American dogs have developed a tendency to make noise. Graze any US labrador training forum for two minutes and you will find dozens of posts on how to get a dog to be quiet in the blind. Training with such a heightened level of excitement can lead to this sort of behavior. For some, this is not a problem, so long as it is not excessive, because they desire such an intense amount of drive. For others, a noisy dog drives them (and those who share their blind!) up the wall. British labradors are immediately disqualified from a trial for any noise-making. This is not to say that they do not bark, which is a common misconception. Pull into our kennels and walk toward the dogs without one of our trainers present, and one will quickly see that British labradors do bark. They may not bark nearly as much, but they do bark! They do not, however, make any noise in the field. Again, this is simply the result of generations of breeding dogs to have a certain response to stimulation.
American labradors tend to make better marking dogs than British labradors. It is a fault/deduction to handle (help) a dog on a mark in a trial or test here in the USA. Therefore, dogs are trained to develop a ton of confidence in their ability to dig out a mark. American breeding programs look specifically at marking ability in selecting their sires and dams. British handlers are expected to handle a dog on mark if the dog even hints of leaving the area of the fall. This is due to the fact that British trials are held over live game, usually upland, and it is far better to handle a dog than to have a dog disturb cover outside the area and flush game while out of gun range. British dogs also rarely mark multiples in a trial, so the overall ability to run multiple marks is typically better among American labs.
British shooting sports are highly traditional. Their shoots are held at estates, and much of what takes place today is nearly identical to how it would have been nearly a century ago. They have also worked hard to maintain the same standards in the size of labrador retrievers. British labradors range between fifty and eighty pounds, and are generally smaller than American labradors. American breedings have moved toward a slimmer, taller, more athletic build. They tend to have a more narrow head and less of a forehead stop. British dogs are commonly shorter, thicker in the neck and shoulders, and have a larger square head with a more distinguished forehead stop. Both British and American labradors look far more athletic than labradors bred for the confirmation ring.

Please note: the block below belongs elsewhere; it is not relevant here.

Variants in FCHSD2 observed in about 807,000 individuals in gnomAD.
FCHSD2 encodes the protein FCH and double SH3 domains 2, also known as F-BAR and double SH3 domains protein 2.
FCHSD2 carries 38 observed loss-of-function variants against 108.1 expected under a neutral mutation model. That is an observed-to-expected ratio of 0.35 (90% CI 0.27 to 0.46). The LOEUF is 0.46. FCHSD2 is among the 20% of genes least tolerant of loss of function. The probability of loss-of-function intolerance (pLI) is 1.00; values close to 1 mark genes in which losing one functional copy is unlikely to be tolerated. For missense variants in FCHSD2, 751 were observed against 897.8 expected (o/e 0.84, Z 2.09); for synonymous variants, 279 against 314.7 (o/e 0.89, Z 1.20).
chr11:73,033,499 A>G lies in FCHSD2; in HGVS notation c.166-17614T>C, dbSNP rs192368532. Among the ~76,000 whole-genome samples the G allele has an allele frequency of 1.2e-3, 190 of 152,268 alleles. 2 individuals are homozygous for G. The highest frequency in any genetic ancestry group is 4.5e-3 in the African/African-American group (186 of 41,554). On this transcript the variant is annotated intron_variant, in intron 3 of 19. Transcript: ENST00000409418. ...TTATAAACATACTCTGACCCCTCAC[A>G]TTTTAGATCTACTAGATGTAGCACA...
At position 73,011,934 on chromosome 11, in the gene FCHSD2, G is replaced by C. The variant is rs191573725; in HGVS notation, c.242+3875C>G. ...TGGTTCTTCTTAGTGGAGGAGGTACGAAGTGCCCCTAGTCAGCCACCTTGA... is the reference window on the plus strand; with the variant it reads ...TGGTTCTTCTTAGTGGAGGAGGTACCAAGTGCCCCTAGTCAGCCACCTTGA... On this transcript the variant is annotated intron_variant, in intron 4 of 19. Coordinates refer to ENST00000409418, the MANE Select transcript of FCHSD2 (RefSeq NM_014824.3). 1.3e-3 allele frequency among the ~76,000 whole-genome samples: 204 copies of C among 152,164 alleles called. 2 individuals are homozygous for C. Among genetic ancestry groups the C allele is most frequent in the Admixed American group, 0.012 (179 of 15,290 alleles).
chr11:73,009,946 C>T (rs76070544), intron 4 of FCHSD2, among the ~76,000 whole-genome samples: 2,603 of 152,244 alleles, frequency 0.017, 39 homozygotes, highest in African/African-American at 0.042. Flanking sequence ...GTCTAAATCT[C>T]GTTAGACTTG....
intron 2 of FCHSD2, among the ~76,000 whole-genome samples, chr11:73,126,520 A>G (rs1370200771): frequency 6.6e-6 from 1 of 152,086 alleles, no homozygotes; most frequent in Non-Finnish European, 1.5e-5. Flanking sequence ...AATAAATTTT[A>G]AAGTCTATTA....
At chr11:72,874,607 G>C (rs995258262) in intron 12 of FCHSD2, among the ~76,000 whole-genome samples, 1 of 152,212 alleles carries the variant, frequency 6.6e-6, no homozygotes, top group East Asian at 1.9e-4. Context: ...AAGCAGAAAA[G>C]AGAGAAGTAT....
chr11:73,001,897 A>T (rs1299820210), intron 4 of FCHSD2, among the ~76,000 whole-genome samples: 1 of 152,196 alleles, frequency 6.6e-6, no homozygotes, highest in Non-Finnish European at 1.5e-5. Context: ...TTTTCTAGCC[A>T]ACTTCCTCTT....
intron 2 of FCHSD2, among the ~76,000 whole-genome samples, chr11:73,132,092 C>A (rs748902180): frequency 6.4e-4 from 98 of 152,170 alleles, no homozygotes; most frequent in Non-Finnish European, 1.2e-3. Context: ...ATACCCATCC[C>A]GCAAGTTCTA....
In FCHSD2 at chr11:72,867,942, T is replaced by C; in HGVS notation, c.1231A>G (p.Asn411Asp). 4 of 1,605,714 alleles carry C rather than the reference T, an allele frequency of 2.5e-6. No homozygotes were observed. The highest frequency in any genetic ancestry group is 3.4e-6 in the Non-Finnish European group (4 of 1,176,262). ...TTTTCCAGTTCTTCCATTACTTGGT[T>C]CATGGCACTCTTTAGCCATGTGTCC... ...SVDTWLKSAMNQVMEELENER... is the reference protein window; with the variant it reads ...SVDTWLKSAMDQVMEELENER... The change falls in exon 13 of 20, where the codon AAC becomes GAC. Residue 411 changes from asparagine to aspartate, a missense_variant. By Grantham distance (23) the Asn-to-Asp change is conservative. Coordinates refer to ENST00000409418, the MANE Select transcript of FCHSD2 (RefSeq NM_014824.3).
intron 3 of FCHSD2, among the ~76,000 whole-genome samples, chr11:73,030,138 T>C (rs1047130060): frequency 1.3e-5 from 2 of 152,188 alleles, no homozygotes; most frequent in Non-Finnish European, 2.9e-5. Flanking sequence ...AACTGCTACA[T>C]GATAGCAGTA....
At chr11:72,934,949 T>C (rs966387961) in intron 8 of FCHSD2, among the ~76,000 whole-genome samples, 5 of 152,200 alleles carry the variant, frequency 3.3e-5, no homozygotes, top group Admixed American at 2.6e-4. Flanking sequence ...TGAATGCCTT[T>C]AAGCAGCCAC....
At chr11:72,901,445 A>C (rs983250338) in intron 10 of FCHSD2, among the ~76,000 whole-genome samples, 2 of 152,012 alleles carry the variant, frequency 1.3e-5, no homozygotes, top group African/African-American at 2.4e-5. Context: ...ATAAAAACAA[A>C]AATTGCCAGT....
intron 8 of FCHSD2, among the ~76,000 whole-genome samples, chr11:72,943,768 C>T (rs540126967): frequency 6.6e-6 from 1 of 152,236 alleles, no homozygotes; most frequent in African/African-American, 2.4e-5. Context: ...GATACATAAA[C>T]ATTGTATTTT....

Overall, many of these differences will come down to personal preference. The most important thing to consider is the overall reputation and available health testing of the breeder, whether you are in the market for and American or a British lab.
There are so many different ways to enjoy labrador retrievers, whether for waterfowl, upland, hunt tests, field trials, or just a family companion. There are many reasons why labradors have remained the most popular breed in America for twenty-five years. Their ability to become a part of a family, adapt to new environments, learn desired skills, and retrieve game is second to none. We encourage everyone to do thorough research on not just the overall breed but each individual distinction to be expected in a certain breeding program when considering a labrador, and we hope this series has been helpful in that endeavor.
Do you have an opinion on this topic? Let us know here.
Barton Ramsey is the owner of Southern Oak Kennels, a labrador retriever kennel located in Northeast Mississippi. Barton’s love for the outdoors was developed later in life, but he has always had a passion for dogs and dog training. After being introduced to a few field-bred British labradors in 2009, Barton began down the path of dog training and breeding that would eventually lead to the inception of Southern Oak. His goal is to improve the standard of labrador retrievers through careful breeding selection focused on temperament, health, ability, and pedigree.
This post was originally written for the GUNNER blog in 2016.
READ MORE: British versus American Labradors (Part One)